- President Joe Biden is set to “make a decision about any cancellation of student debt before the conclusion of that pause on student loans," White House press secretary Jen Psaki said Monday.
- "What was promising was that this seems like a lot more than $10,000," says Natalia Abrams, the founder of the Student Debt Crisis Center.
President Joe Biden may be looking to make good on his campaign promise to forgive federal student loan debt.
During a White House meeting Monday with members of the Congressional Hispanic Caucus, the president indicated he was currently looking to provide some form of student debt cancellation, according to multiple reports.
"He said he's looking into cancelling most student loan debt. What was promising was that this seems like a lot more than $10,000. That's what was surprising to me, that he's now talking about a much broader base debt cancelation," she says.
What's positive is "it feels like the first time President Biden has echoed and said almost identical to what he said on the campaign trail," Abrams says.
During a White House press briefing Monday, Press Secretary Jen Psaki said Biden "would make a decision about any cancellation of student debt before the conclusion of that pause on student loans." Earlier this month, the Biden administration announced another extension to the payment pause for federal student loan borrowers, this time through August 31. Payments would resume in September.
So far, the federal student loan payment pause, which has been in effect since March 2020, has helped roughly 41 million borrowers save $5 billion in interest payments a month, according to the U.S. Education Department.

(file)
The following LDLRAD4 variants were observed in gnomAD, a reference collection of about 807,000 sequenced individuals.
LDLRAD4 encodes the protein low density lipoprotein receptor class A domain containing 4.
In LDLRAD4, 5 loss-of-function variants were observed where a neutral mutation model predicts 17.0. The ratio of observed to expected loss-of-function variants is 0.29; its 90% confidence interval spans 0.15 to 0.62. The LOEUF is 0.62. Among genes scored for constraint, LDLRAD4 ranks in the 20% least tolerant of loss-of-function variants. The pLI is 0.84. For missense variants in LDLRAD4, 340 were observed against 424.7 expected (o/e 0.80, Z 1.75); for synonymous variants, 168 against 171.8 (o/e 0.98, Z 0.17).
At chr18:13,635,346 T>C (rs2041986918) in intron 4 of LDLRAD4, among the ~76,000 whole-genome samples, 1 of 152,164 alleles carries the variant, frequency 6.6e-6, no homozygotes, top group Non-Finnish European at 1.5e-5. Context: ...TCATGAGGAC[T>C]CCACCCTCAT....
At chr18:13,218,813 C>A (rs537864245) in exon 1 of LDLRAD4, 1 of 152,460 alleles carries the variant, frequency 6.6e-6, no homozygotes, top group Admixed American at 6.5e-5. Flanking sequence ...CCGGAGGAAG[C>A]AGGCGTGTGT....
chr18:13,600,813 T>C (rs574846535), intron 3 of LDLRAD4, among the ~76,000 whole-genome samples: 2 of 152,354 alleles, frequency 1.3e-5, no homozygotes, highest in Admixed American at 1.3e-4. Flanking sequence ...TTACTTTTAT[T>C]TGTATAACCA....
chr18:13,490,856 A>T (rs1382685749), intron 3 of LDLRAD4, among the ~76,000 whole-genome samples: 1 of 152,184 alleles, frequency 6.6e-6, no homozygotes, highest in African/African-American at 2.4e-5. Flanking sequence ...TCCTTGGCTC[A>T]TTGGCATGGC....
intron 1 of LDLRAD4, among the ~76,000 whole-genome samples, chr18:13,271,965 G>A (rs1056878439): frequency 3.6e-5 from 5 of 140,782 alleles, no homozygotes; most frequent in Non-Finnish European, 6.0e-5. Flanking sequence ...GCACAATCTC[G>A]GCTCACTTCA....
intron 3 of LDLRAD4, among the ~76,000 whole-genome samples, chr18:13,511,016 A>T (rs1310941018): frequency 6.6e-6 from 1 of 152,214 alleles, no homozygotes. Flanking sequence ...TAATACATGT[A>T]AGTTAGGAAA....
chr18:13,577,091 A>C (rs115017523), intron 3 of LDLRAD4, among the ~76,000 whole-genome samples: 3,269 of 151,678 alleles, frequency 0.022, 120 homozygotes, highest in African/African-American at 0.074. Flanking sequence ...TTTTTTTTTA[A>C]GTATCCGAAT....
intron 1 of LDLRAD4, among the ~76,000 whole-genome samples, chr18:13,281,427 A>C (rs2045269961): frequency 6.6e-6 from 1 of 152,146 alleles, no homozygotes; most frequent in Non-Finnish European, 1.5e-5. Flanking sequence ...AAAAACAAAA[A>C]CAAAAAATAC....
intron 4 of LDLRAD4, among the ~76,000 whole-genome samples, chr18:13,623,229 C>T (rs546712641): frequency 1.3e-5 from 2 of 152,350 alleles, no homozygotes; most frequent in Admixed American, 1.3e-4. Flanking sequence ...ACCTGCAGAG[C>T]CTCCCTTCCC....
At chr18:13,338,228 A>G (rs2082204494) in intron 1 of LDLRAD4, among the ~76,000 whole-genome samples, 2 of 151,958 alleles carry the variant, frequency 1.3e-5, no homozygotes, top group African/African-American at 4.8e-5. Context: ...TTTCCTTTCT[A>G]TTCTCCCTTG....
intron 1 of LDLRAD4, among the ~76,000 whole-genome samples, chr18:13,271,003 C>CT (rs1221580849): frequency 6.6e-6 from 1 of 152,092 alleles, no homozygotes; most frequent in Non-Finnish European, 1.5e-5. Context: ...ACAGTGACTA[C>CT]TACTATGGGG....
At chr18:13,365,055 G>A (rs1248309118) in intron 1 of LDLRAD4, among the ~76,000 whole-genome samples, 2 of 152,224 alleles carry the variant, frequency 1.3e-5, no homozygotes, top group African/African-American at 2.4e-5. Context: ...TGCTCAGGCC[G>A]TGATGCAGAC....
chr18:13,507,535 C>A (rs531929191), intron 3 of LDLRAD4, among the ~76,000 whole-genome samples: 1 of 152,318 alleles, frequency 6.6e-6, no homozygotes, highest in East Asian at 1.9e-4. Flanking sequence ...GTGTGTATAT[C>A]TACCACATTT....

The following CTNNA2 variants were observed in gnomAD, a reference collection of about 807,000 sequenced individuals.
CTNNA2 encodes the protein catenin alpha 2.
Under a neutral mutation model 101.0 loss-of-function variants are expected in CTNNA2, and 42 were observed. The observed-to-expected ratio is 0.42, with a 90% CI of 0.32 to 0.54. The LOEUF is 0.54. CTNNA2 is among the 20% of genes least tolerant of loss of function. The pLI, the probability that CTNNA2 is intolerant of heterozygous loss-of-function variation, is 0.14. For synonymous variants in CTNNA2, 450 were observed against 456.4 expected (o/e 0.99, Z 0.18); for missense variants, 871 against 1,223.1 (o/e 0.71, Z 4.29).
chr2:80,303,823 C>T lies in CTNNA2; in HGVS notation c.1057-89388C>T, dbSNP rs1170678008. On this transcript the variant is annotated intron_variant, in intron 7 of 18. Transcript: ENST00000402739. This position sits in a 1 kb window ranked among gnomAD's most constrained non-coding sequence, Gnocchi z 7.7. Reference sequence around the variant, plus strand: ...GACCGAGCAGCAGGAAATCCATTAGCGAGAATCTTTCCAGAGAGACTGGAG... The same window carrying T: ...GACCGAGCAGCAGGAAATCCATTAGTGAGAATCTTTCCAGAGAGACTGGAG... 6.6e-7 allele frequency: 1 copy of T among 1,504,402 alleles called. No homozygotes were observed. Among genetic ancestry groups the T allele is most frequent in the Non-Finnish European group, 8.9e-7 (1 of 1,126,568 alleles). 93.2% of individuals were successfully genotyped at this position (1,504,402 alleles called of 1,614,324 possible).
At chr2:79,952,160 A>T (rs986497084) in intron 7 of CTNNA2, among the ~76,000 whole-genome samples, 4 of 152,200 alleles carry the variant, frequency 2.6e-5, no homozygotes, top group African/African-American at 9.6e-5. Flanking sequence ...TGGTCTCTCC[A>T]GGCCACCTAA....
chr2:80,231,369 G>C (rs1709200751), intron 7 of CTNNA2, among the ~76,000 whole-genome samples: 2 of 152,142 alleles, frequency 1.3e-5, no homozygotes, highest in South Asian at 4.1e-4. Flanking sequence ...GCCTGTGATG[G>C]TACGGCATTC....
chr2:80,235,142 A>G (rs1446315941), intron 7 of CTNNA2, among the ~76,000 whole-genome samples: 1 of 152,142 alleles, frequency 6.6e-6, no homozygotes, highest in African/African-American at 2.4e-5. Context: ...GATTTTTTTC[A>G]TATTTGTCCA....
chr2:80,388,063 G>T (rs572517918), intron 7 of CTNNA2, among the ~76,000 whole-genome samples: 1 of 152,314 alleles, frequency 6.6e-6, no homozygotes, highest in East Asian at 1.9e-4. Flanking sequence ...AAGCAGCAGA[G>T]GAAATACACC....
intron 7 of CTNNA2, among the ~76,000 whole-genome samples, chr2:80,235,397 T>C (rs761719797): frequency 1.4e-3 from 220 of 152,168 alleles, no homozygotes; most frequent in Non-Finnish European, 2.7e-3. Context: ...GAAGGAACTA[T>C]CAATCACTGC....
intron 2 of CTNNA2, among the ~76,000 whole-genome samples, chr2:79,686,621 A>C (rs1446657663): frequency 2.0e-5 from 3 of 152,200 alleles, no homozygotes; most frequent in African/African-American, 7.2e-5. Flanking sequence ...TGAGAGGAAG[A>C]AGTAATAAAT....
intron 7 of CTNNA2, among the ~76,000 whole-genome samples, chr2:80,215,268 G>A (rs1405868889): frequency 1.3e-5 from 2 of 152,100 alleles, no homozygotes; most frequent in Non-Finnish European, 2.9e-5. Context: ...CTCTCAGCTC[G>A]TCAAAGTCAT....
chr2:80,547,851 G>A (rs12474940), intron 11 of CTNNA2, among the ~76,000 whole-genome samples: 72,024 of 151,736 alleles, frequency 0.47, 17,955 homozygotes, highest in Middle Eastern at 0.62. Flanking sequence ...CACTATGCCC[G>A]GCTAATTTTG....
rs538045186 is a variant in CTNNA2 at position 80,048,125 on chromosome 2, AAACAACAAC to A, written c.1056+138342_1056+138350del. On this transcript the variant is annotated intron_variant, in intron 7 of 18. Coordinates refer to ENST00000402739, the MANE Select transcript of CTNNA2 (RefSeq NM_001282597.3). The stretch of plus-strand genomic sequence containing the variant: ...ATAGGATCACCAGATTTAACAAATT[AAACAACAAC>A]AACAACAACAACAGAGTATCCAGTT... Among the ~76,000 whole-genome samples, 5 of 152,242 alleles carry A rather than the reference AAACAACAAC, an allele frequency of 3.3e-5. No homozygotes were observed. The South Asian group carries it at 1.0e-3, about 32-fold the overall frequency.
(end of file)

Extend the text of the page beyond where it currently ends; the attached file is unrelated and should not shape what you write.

That means a lot of borrowers have been able to save a lot of money, as a recent viral tweet pointed out. "Not buying Starbucks once per week would save me $240 dollars per year. The pause in student loan interest has saved me 50k dollars of added interest for the past 2 years," wrote Dr. Josh Zozaya.
"The fact that the President and this administration broadly continues to say they're looking into debt cancellation, as opposed to taking action on debt cancellation, is creating a good deal of confusion," says Cody Hounanian, executive director at Student Debt Crisis Center. "But there is, I think, a renewed sense of optimism that we're all moving in the right direction when it comes to permanent relief."
While some lawyers still debate whether the president has the authority to forgive debt through executive action, Abrams and Hounanian say it's pretty clear cut. The White House has "been using the same legal authority statute to pause interest and not collect on payments, for the past two years plus," says Abrams. That indicates the president does have the authority he would need to cancel debt.
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